The appreciation of the Swiss franc since 2008 has had the equivalent impact on Hungarian FX borrowers of a 600bp interest rate increase, London-based emerging markets analysts said on Monday.
In its fortnightly CEEMEA Macro Monitor report released to investors in London, Morgan Stanley said "it looks pretty clear" that this is one of the reasons why retail spending has been held back so much in Hungary since 2008.
"This is even more striking in light of the fact that Hungarian households had not gone on a spending binge during 2005-2008 like their Baltic or Balkan counterparts had done, so there were no 'consumption excesses' to undo".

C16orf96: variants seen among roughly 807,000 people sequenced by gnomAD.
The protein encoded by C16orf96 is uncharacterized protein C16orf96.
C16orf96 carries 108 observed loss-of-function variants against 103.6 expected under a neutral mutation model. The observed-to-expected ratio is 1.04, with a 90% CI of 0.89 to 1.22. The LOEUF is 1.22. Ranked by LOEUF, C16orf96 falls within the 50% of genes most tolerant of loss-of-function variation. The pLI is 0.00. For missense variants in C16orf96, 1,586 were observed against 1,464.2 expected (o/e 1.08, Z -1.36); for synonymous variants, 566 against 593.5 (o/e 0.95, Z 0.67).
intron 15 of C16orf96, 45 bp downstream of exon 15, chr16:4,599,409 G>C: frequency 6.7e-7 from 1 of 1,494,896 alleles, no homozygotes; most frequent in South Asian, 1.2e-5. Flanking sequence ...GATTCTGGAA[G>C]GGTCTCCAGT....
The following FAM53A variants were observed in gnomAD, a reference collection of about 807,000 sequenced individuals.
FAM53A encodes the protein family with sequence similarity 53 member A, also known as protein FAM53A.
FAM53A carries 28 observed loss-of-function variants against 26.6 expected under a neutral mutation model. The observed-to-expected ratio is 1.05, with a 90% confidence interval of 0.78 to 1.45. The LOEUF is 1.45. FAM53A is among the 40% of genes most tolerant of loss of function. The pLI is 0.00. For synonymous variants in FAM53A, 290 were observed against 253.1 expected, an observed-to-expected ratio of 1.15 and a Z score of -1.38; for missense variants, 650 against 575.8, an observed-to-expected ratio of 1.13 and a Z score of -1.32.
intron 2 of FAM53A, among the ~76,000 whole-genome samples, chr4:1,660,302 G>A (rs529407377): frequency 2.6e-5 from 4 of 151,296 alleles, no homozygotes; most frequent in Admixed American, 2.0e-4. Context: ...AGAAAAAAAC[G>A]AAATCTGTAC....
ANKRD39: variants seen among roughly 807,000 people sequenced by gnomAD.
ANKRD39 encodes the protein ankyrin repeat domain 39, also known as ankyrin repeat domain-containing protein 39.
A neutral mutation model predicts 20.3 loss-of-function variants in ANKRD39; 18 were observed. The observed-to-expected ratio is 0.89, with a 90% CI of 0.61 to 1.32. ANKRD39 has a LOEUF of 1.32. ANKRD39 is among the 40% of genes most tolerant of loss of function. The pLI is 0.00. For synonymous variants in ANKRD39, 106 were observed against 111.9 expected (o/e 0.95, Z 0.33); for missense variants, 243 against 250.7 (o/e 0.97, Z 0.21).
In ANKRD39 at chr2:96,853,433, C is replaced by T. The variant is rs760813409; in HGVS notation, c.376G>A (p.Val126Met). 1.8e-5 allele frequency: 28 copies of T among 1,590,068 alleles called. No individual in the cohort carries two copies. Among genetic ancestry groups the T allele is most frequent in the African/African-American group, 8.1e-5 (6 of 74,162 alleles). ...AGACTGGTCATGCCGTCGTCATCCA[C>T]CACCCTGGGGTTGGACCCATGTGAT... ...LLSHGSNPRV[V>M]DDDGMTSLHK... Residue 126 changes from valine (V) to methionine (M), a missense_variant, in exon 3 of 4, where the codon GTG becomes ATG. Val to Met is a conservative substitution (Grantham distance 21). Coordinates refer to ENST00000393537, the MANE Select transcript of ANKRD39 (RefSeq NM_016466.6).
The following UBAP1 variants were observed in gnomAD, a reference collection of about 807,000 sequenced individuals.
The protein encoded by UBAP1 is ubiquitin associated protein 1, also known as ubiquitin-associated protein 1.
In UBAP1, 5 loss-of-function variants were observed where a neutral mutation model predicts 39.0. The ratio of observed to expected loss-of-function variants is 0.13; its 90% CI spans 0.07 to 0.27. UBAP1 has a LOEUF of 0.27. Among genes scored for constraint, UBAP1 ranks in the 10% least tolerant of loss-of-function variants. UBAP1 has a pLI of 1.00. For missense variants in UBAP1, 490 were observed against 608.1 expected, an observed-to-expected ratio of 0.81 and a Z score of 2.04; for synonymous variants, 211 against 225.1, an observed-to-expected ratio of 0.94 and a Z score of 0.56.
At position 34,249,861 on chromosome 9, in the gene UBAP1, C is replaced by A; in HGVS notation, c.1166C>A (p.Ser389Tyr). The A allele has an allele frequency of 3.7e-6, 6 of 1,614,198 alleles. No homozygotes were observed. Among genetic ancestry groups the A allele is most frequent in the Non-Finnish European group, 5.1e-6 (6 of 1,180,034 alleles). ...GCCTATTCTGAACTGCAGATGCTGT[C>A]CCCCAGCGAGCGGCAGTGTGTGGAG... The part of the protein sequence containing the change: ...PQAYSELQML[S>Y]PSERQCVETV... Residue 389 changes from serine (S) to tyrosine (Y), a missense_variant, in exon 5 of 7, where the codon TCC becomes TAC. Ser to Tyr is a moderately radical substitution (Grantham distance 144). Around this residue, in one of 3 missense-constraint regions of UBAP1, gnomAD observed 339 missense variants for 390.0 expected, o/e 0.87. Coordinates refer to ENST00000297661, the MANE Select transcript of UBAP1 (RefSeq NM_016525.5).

The report, titled "CEE: On a Swiss Knife-Edge", says that repayments on CHF loans in Hungary are up about 50%, while in Poland they are up some 25%.
"We think the Hungarian plan to cap FX mortgage payments represents a helpful short-term fix, but will have no noticeable impact on growth ... we therefore continue to see Hungarian growth risks as tilted to the downside", Morgan Stanley's London-based emerging markets economists said.